American entertainment often portrays male enlisted people as jarhead robots who scream “Yessir!” and smirk contemptuously at women (especially if the woman in question is some kind of female law enforcement type who is investigating a crime on a military base or a wife trying to figure out what happened to her husband “over there” on that “secret mission”). Female enlisted are usually butch bulldykes with brushcuts and bulging muscles who spend most of their time busting the balls of their male counterparts while cranking out pull-ups in the background – or conversely, they provide the buxom silicon enhanced gratuity in every barracks shower scene. Bulldykes or babes. Senior NCOs inevitably have some kind of chronic venereal disease that precludes them from returning to the combat zone – which therefore makes them sadistic SOBs who take out their frustrations on everybody around them and who smirk contemptuously at women and usually refer to them as “Honey” (or “shavetails” if the show is striving for “accuracy”). Junior officers are always incompetent morons who provide plucky comedy relief or red shirt type duties. Senior officers are always covering up a murder, a rape, and/or an international smuggling operation at the behest of some shadowy defense contractor. A lot of American perception is formed by those shows – because shows such as JAG, Army Wives, A Few Good Men, Good Morning Vietnam, Hamburger Hill, and the routine stereotypes portrayed in everything from the X-files to pretty much every James Cameron movie, are as close as a lot of Americans get to the uniformed services. I’ve repeatedly run into civilians, ordinary Americans both on the Left and the Right, who seem to regard military service, especially career military service, with something akin to pity if not outright contempt (though for different reasons. With the Right it’s usually: Whatsamatter? Couldn’t get a real job? And with the Left it’s usually: Babykiller!).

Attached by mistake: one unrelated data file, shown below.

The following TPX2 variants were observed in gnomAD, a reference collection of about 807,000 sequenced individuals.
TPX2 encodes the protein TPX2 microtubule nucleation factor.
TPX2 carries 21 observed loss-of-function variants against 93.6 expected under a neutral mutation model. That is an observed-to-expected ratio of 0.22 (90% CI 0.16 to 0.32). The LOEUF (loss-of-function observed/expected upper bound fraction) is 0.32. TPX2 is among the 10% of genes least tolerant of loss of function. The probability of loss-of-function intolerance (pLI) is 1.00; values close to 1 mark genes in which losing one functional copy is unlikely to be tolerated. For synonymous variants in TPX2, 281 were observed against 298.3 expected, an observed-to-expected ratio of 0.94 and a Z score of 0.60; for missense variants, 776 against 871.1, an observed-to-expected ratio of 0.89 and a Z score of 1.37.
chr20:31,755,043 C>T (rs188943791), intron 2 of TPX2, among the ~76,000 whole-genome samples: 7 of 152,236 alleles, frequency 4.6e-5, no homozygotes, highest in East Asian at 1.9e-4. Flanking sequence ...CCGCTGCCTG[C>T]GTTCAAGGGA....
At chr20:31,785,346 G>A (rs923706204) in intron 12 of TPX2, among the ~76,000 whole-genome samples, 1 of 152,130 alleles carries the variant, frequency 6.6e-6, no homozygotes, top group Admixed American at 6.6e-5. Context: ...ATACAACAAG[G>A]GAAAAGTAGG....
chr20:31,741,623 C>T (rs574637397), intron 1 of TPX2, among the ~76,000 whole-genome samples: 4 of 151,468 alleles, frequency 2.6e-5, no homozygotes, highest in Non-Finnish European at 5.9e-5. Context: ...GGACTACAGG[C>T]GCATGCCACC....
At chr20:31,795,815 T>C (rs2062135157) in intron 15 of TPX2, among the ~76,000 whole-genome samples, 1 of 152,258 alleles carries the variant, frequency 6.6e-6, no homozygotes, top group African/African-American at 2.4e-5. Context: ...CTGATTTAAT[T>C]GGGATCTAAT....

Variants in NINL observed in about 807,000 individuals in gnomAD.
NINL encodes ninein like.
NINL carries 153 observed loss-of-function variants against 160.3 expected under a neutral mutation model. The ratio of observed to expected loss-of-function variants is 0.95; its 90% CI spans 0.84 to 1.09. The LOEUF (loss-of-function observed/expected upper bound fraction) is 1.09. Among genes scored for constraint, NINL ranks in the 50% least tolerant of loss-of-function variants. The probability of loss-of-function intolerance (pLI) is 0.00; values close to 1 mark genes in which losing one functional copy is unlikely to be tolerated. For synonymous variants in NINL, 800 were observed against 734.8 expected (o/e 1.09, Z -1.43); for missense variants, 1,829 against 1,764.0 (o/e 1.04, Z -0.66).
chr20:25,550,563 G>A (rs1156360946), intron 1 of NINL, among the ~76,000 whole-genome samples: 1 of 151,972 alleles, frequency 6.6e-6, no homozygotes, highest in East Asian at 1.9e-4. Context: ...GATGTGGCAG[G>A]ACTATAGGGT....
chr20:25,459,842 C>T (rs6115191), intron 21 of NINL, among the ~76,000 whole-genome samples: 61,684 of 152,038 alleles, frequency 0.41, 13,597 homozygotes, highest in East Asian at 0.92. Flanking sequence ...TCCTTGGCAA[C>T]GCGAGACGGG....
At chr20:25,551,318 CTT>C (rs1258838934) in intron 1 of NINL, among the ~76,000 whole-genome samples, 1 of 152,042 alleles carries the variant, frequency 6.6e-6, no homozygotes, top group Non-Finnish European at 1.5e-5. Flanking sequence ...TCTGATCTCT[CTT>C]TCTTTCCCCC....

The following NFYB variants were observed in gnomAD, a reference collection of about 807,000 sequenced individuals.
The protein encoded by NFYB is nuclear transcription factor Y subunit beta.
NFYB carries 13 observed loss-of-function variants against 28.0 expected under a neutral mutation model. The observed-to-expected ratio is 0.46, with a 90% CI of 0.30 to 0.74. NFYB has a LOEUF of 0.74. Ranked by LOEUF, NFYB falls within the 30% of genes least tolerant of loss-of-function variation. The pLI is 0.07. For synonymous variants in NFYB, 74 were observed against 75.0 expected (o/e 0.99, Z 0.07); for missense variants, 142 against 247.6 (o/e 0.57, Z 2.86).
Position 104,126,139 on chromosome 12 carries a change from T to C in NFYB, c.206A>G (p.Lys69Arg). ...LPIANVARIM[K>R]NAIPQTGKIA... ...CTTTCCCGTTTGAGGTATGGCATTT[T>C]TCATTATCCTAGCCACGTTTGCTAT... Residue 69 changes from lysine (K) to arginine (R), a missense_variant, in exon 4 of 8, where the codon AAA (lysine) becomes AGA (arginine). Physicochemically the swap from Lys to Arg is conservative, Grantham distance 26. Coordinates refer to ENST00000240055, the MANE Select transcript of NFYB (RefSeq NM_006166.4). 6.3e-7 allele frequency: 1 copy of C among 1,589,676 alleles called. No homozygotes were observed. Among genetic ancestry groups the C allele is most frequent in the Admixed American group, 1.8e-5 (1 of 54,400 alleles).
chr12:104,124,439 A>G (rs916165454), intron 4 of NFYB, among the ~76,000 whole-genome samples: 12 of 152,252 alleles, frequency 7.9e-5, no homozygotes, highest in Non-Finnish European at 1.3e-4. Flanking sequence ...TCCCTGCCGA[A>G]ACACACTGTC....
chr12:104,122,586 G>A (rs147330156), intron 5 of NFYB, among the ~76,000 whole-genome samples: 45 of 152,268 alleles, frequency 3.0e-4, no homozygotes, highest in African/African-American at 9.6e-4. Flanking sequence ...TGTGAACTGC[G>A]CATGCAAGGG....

And yet, on the other hand, Americans tend to regard their military with an almost mystical reverence.
Some Americans act as if the military can do no wrong. Ever. Period. As if the mere mention of criticism is unpatriotic and makes you less of an American. If somebody wears the uniform, they must be a hero. For example, I got a number of letters over the last couple of months asking my opinion regarding the US Navy SEALs accused of prisoner abuse in Iraq (read the comments under the story, you’ll see what I mean). I got numerous invitations to join the Free the SEALs (or whatever it was called) Facebook page and a dozen requests to sign various online petitions. A lot of these letters expressed outrage that anybody would dare accuse “American heroes” of misconduct and how it was a travesty that SEALs should be accused of mistreating prisoners and bemoaned the country going to hell in the usual hand basket. No facts. No real knowledge of the situation. Nothing but rumors and urban legend and preconceived ideas. The general gist of these things were that the SEALs, because they were SEALs, must be innocent. Besides, if they did beat up prisoners, well sir, then the prisoners were dirtbags who had it coming. Any criticism of the military is called “unpatriotic” and denounced. Any cancelled weapon system or other defense department boondoggle is evidence that the administration doesn’t support the military and if you don’t have a genuine made-in-China yellow ribbon sticker on your bumper well then you’re an Islamofacist treehugging Obama voting commie fag who DOESN’T SUPPOR THE TROOPS! And etc, etc. I’ve seen this kind of knee jerk response in dozens of other cases over the last couple of years – and especially this last year since Barack Obama took office.